In 2016, Garner appeared in the Christian drama Miracles from Heaven. Ken Jaworowski of The New York Times praised a “dedicated” and “heartfelt” performance while Nigel Smith of The Guardian found “her subtly wrought work … tremendously effective” in an otherwise “crassly manipulative” film. She starred opposite Kevin Spacey in the comedy Nine Lives. Katie Walsh of the Los Angeles Times jokingly asked Garner to “send us some kind of signal if you need help” while Peter Travers of Rolling Stone said she was “stranded in a nothing role.” She also made a uncredited cameo appearance in Mother’s Day.
Wakefield will be released in May 2017. The Tribes of Palos Verdes, filmed in 2016, is awaiting a release date. In 2017, she will provide the voice of Mama Llama for Netflix’s new original animated preschool series Llama Llama while, in 2018, she will provide a voice for a character in Amusement Park. In early 2017, she filmed a role in Simon vs. the Homo Sapiens Agenda. She has also filmed a role in friend Judy Greer‘s directorial debut A Happening of Monumental Proportions, set for release in 2017.
Early childhood education
In 2009, Garner became an artist ambassador for Save the Children, promoting national literacy, nutrition and early education efforts. Since 2014, Garner has served on the board of trustees for Save the Children, the United States branch of the British children’s charity, advocating for early education. She had been an ambassador for six years, and frequently visits with families involved in the organization’s Early Steps to School Success program, which coaches families to help children learn in the early years. In 2011 she partnered with Frigidaire as part of her work with Save The Children. In 2013, Garner took her eldest daughter Violet to a Save The Children gala in New York: “My husband and I have never taken our kids to a public event before, but I brought my daughter Violet, because … I want her to see the passionate commitment Mark Shriver and Hillary Clinton have to make the world a better place for everyone.” In 2014, she joined the Invest in Us campaign., and in January 2015, she appeared in A Path Appears, a PBS documentary which focuses on rural poverty among children in West Virginia.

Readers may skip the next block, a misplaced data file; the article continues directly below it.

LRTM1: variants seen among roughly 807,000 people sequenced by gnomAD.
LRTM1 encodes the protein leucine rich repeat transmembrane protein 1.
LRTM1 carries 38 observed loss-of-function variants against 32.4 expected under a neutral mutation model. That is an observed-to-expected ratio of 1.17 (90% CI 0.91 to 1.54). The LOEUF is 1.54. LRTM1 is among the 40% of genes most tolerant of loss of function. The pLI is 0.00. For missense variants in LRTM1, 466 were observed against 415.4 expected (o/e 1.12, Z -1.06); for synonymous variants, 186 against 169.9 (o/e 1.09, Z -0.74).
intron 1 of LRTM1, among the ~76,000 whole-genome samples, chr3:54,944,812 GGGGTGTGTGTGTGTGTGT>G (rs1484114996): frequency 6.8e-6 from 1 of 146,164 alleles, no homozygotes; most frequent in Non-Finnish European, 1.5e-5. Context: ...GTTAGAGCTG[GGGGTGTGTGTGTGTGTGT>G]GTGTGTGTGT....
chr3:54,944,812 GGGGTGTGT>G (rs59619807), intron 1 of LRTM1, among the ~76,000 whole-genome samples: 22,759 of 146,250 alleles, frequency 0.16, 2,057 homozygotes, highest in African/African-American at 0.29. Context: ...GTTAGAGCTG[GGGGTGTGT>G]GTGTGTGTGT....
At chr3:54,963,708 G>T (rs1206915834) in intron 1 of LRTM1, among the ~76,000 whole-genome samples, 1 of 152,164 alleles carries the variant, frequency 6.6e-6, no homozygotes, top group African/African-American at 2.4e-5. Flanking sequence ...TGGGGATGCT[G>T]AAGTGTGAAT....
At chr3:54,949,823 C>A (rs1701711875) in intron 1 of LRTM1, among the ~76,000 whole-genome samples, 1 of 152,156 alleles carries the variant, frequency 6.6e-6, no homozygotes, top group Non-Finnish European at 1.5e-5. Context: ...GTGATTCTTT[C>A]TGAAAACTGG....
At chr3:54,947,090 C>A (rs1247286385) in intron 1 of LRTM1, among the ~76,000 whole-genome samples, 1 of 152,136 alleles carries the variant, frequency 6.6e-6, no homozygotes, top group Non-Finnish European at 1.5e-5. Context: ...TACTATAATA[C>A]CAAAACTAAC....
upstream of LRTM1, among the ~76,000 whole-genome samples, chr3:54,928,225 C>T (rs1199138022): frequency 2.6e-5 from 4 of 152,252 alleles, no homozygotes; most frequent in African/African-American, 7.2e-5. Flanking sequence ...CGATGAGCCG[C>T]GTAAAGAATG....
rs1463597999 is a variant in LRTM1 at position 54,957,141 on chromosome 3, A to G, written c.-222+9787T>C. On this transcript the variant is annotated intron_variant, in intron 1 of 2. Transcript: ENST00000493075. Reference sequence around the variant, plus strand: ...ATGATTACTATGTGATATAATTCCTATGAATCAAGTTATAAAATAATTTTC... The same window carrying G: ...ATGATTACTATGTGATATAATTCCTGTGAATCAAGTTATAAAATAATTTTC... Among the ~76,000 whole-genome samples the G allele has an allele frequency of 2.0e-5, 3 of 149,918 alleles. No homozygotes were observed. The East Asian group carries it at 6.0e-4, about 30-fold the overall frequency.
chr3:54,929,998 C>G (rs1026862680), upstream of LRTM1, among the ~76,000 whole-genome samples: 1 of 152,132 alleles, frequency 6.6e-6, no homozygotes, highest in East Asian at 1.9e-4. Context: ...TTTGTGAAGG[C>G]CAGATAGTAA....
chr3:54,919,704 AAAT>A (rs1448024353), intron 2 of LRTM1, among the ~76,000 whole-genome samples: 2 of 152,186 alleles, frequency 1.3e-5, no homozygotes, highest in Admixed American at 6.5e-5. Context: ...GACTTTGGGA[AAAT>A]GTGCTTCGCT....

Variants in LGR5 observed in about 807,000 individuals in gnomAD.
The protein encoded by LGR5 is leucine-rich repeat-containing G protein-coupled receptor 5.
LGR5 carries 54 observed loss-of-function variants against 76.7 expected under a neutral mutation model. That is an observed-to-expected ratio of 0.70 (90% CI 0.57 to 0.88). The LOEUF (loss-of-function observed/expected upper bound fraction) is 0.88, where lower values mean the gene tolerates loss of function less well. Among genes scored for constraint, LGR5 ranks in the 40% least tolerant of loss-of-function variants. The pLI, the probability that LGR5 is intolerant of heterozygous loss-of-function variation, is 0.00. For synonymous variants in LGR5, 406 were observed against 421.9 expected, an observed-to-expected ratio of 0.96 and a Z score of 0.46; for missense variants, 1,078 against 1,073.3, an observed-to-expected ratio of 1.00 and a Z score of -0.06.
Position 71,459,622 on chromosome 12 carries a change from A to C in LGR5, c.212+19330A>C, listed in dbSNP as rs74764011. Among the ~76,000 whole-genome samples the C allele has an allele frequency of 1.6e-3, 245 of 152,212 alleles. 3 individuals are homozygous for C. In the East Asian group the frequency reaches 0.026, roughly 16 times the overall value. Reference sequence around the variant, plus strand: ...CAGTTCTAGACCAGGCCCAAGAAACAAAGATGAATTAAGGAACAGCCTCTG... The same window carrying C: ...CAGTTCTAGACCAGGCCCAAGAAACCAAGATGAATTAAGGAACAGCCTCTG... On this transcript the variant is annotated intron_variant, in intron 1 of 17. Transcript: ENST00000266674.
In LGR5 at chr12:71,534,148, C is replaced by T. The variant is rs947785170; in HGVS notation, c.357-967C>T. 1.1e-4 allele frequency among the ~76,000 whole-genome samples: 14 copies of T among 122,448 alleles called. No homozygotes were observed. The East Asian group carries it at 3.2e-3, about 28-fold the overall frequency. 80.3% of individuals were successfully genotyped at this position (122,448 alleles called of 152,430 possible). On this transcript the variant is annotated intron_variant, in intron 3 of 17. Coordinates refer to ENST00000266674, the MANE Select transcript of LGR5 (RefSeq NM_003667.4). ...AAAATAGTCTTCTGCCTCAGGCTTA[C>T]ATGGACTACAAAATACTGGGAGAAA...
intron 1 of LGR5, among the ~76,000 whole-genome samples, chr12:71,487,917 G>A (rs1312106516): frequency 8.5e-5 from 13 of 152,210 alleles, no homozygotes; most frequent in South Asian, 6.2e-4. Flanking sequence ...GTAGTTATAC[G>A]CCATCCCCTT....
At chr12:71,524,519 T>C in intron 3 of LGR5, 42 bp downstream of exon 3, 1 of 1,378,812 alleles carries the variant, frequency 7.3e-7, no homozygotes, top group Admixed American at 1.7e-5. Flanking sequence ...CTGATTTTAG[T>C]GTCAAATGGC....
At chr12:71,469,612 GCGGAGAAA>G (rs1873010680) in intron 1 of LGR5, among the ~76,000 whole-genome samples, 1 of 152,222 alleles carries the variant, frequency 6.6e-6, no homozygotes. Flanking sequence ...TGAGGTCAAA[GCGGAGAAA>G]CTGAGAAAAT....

In 2007, Garner said she was not “not a particularly outwardly political person.” In 2002, Garner filmed a 30-second television advertisement for her childhood friend Corey Palumbo, running as a Democratic candidate for the West Virginia House of Delegates. In 2006, Garner spoke at a rally in support of Democratic Congressional candidate Jerry McNerney in Pleasanton, California. In 2008, she hosted two fundraisers for Obama during the 2008 Democratic Primary. In 2014, Garner donated $25,000 to the campaign of Democratic politician Wendy Davis. During the 2016 presidential campaign, Garner hosted a fundraiser for Hillary Clinton in Bozeman, Montana and attended voter registration and phone bank events for Clinton in Reno, Nevada.